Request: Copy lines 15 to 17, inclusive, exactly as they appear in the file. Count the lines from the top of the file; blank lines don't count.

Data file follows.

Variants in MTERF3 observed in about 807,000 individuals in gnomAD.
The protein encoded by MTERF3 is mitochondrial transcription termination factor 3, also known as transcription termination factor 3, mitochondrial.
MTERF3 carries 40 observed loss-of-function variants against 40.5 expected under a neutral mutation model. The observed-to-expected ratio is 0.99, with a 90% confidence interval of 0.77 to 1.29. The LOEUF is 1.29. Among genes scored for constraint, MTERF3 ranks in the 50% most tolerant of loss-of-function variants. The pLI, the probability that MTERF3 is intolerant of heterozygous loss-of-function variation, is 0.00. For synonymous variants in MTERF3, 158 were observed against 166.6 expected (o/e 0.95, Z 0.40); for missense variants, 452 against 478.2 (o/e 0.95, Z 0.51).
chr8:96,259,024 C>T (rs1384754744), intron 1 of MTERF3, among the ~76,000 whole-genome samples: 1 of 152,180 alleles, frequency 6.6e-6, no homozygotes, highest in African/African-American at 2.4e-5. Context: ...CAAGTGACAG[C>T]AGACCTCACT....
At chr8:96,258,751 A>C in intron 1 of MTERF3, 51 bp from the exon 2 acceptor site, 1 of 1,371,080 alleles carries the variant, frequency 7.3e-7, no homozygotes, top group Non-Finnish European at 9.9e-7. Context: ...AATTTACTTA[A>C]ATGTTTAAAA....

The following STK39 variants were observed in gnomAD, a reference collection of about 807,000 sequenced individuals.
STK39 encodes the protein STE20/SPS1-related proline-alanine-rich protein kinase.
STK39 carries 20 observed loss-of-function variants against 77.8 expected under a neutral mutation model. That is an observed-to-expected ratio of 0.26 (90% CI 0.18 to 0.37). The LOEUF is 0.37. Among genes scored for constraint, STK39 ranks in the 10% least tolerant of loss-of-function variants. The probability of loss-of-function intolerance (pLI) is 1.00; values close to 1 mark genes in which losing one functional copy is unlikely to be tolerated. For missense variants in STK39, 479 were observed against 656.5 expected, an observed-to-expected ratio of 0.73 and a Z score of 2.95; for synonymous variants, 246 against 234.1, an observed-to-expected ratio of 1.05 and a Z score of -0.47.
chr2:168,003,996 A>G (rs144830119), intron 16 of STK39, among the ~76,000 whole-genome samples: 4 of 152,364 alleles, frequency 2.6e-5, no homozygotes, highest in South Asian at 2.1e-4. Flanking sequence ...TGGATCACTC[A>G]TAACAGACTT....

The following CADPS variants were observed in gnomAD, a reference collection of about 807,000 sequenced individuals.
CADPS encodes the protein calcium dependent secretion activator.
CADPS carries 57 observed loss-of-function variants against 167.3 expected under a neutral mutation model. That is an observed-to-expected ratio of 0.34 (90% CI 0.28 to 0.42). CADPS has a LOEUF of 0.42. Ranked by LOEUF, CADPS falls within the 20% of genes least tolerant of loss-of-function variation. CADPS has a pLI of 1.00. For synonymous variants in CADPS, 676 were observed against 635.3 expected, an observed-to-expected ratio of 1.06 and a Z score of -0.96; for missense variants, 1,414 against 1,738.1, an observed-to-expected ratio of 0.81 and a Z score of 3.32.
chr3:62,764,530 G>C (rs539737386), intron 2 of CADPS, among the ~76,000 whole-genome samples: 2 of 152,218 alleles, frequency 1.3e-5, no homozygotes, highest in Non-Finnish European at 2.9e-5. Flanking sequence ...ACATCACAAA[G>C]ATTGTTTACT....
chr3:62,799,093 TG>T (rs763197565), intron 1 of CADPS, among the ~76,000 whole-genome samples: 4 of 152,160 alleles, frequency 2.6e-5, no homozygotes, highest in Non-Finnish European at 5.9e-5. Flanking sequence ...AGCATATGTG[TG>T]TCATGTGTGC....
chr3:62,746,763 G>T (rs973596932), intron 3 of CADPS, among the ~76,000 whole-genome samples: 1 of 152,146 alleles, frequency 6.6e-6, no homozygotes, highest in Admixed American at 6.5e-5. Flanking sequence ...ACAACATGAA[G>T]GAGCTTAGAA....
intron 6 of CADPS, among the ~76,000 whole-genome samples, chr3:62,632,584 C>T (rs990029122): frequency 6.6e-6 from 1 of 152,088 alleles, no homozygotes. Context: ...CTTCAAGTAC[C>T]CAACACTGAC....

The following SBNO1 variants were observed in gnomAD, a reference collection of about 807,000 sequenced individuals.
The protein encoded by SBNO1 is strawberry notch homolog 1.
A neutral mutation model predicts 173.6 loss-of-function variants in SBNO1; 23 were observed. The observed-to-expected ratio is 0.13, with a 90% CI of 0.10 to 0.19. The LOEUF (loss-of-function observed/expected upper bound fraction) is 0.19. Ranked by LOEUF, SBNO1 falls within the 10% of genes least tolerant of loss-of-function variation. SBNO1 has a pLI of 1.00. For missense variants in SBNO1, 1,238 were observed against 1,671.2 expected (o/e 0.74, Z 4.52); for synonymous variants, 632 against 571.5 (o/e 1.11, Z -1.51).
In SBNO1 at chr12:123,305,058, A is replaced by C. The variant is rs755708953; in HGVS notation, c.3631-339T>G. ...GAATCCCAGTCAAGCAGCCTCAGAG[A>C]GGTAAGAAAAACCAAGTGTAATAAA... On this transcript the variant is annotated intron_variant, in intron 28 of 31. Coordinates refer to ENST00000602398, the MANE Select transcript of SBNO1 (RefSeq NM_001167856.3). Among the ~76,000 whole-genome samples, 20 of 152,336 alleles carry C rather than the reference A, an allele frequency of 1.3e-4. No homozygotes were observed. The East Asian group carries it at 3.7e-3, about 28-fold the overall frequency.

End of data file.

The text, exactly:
chr3:62,746,763 G>T (rs973596932), intron 3 of CADPS, among the ~76,000 whole-genome samples: 1 of 152,146 alleles, frequency 6.6e-6, no homozygotes, highest in Admixed American at 6.5e-5. Flanking sequence ...ACAACATGAA[G>T]GAGCTTAGAA....
intron 6 of CADPS, among the ~76,000 whole-genome samples, chr3:62,632,584 C>T (rs990029122): frequency 6.6e-6 from 1 of 152,088 alleles, no homozygotes. Context: ...CTTCAAGTAC[C>T]CAACACTGAC....

The following SBNO1 variants were observed in gnomAD, a reference collection of about 807,000 sequenced individuals.